WALL STREET FINISHES UP
by Stephen Culp
NEW YORK (Reuters) – Surprise employment rebound in the United States last month, a sign that the US economy crippled by the coronavirus is expected to recover much faster than expected, was greeted with fervor on Friday on the New Stock Exchange York, where the Nasdaq Composite index closed at a record level.
The Dow Jones index gained 3.15% or 829.16 points to 27,110.98.
The broader S & P-500 took 81.58 points, or 2.62%, to 3,193.93.
The Nasdaq Composite, up 2.06%, closed at 9,814.08 points after crossing during its session its highest historic level reached in February.
Wall Street, which entered a bear market in early March for fear of the economic fallout from the pandemic, is now fueled by the hope of a rapid recovery in economic activity.
The surprise and spectacular rebound in employment in May in the United States more than comforted stakeholders in their forecasts.
“I don’t think anyone had anticipated this,” said Michael Arone, investment strategist at State Street Global Advisors, a Boston-based firm. “This confirms what many people have suggested: that the effects of the pandemic on the job market were temporary and that jobs would come back once the economy recovered.”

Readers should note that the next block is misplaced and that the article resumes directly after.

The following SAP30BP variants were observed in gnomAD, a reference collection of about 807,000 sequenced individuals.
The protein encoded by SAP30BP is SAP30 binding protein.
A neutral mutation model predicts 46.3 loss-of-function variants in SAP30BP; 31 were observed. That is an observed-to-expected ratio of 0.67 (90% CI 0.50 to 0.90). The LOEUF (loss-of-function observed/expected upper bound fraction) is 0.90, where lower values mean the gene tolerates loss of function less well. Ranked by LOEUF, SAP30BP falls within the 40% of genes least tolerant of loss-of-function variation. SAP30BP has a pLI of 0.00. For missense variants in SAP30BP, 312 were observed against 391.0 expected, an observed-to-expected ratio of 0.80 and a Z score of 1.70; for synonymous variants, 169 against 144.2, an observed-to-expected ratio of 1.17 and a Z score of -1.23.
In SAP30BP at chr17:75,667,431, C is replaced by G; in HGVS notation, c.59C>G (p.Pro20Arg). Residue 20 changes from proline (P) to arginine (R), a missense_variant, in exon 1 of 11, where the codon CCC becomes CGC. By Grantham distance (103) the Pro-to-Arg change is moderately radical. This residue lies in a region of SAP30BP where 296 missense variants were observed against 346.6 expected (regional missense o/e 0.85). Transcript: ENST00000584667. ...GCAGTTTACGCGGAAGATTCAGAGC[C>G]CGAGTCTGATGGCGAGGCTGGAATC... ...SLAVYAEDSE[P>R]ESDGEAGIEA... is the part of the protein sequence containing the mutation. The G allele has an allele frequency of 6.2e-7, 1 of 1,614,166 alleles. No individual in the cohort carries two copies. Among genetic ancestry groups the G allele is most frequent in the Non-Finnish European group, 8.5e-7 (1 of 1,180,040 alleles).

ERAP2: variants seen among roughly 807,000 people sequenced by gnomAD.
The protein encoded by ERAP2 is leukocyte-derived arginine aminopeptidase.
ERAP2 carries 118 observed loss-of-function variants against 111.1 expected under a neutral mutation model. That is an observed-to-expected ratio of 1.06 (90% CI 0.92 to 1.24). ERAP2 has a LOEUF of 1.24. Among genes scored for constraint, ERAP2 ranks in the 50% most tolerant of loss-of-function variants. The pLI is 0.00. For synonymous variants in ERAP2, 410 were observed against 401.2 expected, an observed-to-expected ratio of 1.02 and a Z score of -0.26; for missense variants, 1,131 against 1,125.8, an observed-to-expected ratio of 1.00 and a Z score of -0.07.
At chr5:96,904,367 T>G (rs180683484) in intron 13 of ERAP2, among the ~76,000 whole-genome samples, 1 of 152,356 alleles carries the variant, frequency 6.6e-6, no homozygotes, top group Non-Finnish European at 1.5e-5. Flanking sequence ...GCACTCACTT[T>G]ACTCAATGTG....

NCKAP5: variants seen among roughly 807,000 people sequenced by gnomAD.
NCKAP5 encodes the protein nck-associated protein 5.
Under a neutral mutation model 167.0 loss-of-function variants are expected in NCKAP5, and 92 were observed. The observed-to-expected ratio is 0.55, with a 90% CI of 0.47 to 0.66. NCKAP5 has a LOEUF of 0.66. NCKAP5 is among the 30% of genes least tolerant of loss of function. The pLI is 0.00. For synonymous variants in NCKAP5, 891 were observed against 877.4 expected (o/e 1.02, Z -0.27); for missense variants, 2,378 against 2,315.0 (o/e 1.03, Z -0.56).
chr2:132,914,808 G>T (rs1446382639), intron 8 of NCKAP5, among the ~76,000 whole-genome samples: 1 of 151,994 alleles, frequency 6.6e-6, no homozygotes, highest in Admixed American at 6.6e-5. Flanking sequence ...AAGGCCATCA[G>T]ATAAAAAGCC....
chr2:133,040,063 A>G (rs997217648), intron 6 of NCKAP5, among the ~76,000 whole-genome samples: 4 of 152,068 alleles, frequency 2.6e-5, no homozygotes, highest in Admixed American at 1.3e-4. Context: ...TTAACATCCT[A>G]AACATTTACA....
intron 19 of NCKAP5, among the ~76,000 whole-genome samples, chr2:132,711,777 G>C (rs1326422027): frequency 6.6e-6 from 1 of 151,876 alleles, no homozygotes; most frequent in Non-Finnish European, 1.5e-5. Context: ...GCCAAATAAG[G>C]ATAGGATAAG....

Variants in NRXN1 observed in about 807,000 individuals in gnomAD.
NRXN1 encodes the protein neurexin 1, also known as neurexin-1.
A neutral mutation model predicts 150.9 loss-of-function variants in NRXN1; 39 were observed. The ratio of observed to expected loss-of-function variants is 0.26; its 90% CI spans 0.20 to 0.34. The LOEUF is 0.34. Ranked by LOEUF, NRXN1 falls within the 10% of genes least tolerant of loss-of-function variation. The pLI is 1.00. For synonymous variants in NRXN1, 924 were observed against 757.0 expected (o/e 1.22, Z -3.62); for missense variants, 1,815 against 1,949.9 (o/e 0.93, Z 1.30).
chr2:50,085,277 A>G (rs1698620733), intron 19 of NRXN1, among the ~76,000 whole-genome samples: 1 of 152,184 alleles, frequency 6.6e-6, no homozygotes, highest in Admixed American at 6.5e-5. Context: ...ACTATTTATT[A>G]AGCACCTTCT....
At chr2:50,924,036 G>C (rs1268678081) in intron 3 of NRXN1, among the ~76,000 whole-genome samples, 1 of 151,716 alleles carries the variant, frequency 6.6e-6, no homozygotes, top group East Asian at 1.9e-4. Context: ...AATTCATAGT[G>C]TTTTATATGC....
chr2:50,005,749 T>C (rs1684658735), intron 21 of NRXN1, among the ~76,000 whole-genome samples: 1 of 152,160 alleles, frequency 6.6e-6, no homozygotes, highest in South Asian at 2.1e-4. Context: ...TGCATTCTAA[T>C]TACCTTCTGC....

The Nasdaq is the first of the three main indices of the New York Stock Exchange to cross a brand new in session since the beginning of the crisis.
The S&P is now only down less than 1% from the start of the year, while it was down 32% at the end of March. The index is 5.7% from its historic high and the Dow Jones at around 8%.
Values, airlines have notably benefited from this optimism from investors.
Boeing jumped 11.5% thanks to the anticipation of an upcoming acceleration in air traffic, American Airlines and United Airlines having announced that they would increase the number of their flights to the United States in July.
Tiffany took 6.5% after reports from Reuters that the luxury giant LVMH was renouncing to renegotiate the takeover offer of the American jeweler announced in November, amounting to 16.2 billion dollars (14.3 billion euros).
(French version Jean-Stéphane Brosse)